There are only six teams in the NFL right now with fewer than 90 rostered players, per OverTheCap.com. The Cincinnati Bengals are one those teams, with just one roster spot available for the remainder of the offseason.
It could’ve been filled during the peak of free agency. It could’ve been filled after the NFL Draft during college free agency. Instead, the Bengals stopped one short of filling out a completely full football team.
The spot doesn’t have to be filled by any means, but if it were, free agent offensive lineman Dalton Risner would be the ideal signing.
The fact that Risner remains available is a wonder. A fifth-year player in 2023, Risner spent four quality seasons with the Denver Broncos. He played and started 62 games for the Broncos, getting the nod right from the beginning of his career.
A collegiate left tackle, Risner made the switch to left guard in the NFL and has exclusively played that position. As it happens, that’s the spot on the Bengals’ o-line that doesn’t have a true backup.
But it’s not just a lack of depth at the position that’s notable. The team is expected to start Cordell Volson there for a second straight season. Volson was adequate for a fourth-round rookie, but even marginal improvement for him would leave plenty of room to upgrade should an opportunity present itself.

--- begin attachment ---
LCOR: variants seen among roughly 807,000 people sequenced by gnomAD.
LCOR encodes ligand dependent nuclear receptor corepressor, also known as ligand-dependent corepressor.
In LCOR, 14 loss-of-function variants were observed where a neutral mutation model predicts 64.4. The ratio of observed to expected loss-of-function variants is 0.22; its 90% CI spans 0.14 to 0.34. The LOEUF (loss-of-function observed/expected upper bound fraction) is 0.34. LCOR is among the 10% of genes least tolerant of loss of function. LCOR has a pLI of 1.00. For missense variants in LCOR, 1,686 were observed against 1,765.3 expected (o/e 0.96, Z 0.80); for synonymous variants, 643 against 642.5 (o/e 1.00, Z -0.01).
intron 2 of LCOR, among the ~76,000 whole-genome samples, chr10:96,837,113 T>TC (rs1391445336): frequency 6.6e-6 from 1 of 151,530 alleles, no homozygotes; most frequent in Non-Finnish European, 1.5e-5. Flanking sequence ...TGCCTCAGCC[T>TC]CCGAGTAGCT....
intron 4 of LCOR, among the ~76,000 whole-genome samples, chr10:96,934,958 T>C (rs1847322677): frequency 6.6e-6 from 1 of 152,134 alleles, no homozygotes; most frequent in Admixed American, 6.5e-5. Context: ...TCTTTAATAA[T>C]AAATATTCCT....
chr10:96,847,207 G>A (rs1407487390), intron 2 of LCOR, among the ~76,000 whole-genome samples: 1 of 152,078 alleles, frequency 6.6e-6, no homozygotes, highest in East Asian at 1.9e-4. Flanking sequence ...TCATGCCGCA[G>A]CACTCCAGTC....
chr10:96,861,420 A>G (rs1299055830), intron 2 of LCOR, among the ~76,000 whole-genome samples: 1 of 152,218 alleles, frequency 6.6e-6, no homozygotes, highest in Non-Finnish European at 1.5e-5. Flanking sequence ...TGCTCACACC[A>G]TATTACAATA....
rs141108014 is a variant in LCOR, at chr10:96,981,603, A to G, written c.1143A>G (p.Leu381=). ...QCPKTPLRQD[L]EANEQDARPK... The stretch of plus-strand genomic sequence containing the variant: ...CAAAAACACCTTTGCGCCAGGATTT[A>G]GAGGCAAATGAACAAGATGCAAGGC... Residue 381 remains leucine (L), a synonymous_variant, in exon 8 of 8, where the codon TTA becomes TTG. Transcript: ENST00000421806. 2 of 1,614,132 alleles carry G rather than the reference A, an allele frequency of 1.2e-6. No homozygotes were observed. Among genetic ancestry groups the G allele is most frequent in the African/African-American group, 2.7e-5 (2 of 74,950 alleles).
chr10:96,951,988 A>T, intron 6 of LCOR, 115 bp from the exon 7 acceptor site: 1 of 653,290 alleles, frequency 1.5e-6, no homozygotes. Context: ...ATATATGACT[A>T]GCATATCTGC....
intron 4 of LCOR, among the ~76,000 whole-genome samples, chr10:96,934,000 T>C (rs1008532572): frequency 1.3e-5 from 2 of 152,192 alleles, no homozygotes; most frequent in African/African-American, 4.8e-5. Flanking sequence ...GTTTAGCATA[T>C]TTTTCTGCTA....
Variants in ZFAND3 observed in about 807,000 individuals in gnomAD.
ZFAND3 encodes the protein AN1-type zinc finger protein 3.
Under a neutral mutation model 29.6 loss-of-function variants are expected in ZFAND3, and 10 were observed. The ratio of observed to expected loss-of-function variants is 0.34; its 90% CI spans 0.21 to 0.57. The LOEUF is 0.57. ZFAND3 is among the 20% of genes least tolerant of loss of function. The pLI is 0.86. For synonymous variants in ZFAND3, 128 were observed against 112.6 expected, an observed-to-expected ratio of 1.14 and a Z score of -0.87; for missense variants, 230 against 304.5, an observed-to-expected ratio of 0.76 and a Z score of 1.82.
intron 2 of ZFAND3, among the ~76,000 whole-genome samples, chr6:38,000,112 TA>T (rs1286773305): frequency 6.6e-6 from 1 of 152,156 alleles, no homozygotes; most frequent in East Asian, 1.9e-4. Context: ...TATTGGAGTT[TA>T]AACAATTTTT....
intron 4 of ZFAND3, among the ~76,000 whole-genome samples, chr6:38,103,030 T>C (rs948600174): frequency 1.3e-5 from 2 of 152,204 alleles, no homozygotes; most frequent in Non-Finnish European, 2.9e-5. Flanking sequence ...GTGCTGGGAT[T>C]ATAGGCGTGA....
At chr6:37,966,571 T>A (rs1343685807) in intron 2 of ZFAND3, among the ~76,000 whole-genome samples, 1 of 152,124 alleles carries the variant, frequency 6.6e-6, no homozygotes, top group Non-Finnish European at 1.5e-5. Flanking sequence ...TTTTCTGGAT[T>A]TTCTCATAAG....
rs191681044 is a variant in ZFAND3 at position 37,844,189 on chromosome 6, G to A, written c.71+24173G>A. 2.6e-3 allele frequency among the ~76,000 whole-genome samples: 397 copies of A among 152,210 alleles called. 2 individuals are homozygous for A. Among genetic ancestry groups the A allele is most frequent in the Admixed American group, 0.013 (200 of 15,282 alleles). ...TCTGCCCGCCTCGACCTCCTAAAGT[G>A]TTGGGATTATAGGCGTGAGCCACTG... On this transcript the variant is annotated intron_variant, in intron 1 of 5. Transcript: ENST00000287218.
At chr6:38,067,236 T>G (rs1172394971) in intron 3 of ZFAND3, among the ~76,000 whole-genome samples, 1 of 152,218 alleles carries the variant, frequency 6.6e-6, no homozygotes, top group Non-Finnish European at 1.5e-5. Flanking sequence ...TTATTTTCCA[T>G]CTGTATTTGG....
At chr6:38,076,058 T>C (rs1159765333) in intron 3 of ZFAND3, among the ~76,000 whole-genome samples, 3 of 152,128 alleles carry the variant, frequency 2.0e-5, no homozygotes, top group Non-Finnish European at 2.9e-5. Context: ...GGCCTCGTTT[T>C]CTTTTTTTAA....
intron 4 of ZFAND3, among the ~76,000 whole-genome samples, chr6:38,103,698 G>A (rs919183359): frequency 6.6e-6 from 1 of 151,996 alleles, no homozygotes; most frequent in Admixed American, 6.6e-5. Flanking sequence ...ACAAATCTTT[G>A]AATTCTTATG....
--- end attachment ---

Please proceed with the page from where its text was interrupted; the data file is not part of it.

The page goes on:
Risner is far from a world beater at the position, but he’s objectively a better and more experienced player. His pass blocking grade from Pro Football Focus never dropped below 69 for a season in Denver, and he’s been penalized just six times while recording 3,773 snaps in his career thus far.
For comparison, Volson graded out at 52.7 in pass blocking and was flagged seven times in his rookie season.
The Bengals already added one lineman they coveted in the 2019 draft by signing Cody Ford. Rumors had Risner as one of the guys the Bengals targeted with their second-round pick before the Denver Broncos traded up for him just one spot in front of them.
So why hasn’t a deal come together for Risner and any would-be interested club? It likely has to do with timing. Risner may not have been brought back by his original team this offseason following a coaching change, but he’d still be an asset for a pass heavy team. The NFL is also never going to not need starting caliber blockers as well.
Risner could sign right now with the Bengals and compete for a starting job, or he could bide his time and wait to see if an opening occurs before the season begins. Training camp injuries are inevitable, and when a team needs a left guard, he’ll likely be at the top of the list.
If that’s not the case, and the NFL doesn’t see the 27-year old as a clear cut starter anymore, than there’s no reason why he couldn’t fill out the Bengals’ roster and completely solidify the offensive line.
A unit that has either Risner as its fifth-best starter is a unit worthy of praise. And if Volson beats him out during camp, then that’s indicative of his own growth as a player in year two.
A win-win proposition in late May is rare. The Bengals should at least gauge the waters before another contender does the same.